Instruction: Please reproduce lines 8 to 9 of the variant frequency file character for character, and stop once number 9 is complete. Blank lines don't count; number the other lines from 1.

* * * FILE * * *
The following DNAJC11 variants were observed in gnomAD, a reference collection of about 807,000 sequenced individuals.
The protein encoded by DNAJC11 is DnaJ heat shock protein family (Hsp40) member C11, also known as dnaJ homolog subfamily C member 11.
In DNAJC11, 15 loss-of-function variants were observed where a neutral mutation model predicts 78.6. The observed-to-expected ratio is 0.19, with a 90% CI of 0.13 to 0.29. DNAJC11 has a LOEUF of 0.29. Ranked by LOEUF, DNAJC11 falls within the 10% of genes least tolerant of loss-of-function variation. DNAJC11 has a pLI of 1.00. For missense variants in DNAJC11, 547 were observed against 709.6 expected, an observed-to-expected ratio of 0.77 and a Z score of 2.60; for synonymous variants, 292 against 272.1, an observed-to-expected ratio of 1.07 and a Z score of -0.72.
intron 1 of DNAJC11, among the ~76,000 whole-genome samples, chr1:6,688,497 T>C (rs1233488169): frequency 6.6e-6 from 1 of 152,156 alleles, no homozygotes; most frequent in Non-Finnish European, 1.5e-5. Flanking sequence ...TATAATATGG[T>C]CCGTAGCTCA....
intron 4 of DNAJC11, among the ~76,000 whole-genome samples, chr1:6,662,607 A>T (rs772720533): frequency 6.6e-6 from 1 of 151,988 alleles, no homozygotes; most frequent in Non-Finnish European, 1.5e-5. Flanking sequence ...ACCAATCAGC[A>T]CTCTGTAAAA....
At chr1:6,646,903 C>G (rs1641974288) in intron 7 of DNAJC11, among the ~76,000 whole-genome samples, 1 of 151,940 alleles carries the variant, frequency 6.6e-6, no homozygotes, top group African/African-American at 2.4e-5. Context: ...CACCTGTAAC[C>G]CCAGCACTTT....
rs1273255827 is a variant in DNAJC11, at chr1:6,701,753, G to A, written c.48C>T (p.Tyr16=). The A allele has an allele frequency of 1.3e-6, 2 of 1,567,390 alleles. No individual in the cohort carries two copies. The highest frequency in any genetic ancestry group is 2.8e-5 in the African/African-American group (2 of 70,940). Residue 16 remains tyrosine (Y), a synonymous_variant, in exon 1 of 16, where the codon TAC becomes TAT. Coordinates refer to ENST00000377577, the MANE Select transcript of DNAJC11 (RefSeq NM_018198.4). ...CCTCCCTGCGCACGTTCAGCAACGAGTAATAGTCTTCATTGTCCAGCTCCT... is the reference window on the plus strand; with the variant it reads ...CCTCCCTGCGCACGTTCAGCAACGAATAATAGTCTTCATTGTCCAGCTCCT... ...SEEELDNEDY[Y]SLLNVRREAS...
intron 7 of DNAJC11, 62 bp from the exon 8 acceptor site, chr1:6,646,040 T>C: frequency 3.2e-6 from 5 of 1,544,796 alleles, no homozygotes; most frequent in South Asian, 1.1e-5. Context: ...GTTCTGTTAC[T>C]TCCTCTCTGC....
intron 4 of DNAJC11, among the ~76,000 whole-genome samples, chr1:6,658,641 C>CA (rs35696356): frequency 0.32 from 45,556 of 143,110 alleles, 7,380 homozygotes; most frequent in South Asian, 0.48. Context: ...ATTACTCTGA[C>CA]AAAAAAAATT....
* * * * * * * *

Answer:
intron 7 of DNAJC11, 62 bp from the exon 8 acceptor site, chr1:6,646,040 T>C: frequency 3.2e-6 from 5 of 1,544,796 alleles, no homozygotes; most frequent in South Asian, 1.1e-5. Context: ...GTTCTGTTAC[T>C]TCCTCTCTGC....
intron 4 of DNAJC11, among the ~76,000 whole-genome samples, chr1:6,658,641 C>CA (rs35696356): frequency 0.32 from 45,556 of 143,110 alleles, 7,380 homozygotes; most frequent in South Asian, 0.48. Context: ...ATTACTCTGA[C>CA]AAAAAAAATT....